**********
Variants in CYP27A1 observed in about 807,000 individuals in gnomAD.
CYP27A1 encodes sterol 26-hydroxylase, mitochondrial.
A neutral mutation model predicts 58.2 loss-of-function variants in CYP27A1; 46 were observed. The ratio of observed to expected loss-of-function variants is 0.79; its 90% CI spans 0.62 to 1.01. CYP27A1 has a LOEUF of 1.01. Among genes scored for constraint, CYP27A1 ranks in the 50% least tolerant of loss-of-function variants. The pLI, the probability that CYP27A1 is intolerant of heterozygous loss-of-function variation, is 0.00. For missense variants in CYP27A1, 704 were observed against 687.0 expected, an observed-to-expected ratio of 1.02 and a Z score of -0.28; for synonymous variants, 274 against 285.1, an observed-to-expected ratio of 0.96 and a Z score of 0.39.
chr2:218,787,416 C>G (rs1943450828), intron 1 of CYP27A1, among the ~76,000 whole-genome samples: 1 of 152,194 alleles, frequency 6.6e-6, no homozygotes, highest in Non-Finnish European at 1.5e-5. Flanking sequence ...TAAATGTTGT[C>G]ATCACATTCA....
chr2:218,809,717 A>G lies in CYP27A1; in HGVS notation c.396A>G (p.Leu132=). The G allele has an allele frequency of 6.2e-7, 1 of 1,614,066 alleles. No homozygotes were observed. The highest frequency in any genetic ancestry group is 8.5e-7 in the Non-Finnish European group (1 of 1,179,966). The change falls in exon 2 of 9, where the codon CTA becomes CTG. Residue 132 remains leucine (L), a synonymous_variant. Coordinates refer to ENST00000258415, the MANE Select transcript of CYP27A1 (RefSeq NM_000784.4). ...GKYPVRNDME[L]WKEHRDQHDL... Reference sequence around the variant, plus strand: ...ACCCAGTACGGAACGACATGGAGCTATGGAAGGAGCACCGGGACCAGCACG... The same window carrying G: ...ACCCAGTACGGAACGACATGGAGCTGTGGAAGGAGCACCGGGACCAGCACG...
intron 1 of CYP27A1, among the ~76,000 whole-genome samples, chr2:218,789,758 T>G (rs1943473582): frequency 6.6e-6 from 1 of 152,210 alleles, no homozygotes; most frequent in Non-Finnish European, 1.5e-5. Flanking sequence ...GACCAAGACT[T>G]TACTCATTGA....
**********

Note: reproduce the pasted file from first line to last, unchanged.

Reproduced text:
Variants in CYP27A1 observed in about 807,000 individuals in gnomAD.
CYP27A1 encodes sterol 26-hydroxylase, mitochondrial.
A neutral mutation model predicts 58.2 loss-of-function variants in CYP27A1; 46 were observed. The ratio of observed to expected loss-of-function variants is 0.79; its 90% CI spans 0.62 to 1.01. CYP27A1 has a LOEUF of 1.01. Among genes scored for constraint, CYP27A1 ranks in the 50% least tolerant of loss-of-function variants. The pLI, the probability that CYP27A1 is intolerant of heterozygous loss-of-function variation, is 0.00. For missense variants in CYP27A1, 704 were observed against 687.0 expected, an observed-to-expected ratio of 1.02 and a Z score of -0.28; for synonymous variants, 274 against 285.1, an observed-to-expected ratio of 0.96 and a Z score of 0.39.
chr2:218,787,416 C>G (rs1943450828), intron 1 of CYP27A1, among the ~76,000 whole-genome samples: 1 of 152,194 alleles, frequency 6.6e-6, no homozygotes, highest in Non-Finnish European at 1.5e-5. Flanking sequence ...TAAATGTTGT[C>G]ATCACATTCA....
chr2:218,809,717 A>G lies in CYP27A1; in HGVS notation c.396A>G (p.Leu132=). The G allele has an allele frequency of 6.2e-7, 1 of 1,614,066 alleles. No homozygotes were observed. The highest frequency in any genetic ancestry group is 8.5e-7 in the Non-Finnish European group (1 of 1,179,966). The change falls in exon 2 of 9, where the codon CTA becomes CTG. Residue 132 remains leucine (L), a synonymous_variant. Coordinates refer to ENST00000258415, the MANE Select transcript of CYP27A1 (RefSeq NM_000784.4). ...GKYPVRNDME[L]WKEHRDQHDL... Reference sequence around the variant, plus strand: ...ACCCAGTACGGAACGACATGGAGCTATGGAAGGAGCACCGGGACCAGCACG... The same window carrying G: ...ACCCAGTACGGAACGACATGGAGCTGTGGAAGGAGCACCGGGACCAGCACG...
intron 1 of CYP27A1, among the ~76,000 whole-genome samples, chr2:218,789,758 T>G (rs1943473582): frequency 6.6e-6 from 1 of 152,210 alleles, no homozygotes; most frequent in Non-Finnish European, 1.5e-5. Flanking sequence ...GACCAAGACT[T>G]TACTCATTGA....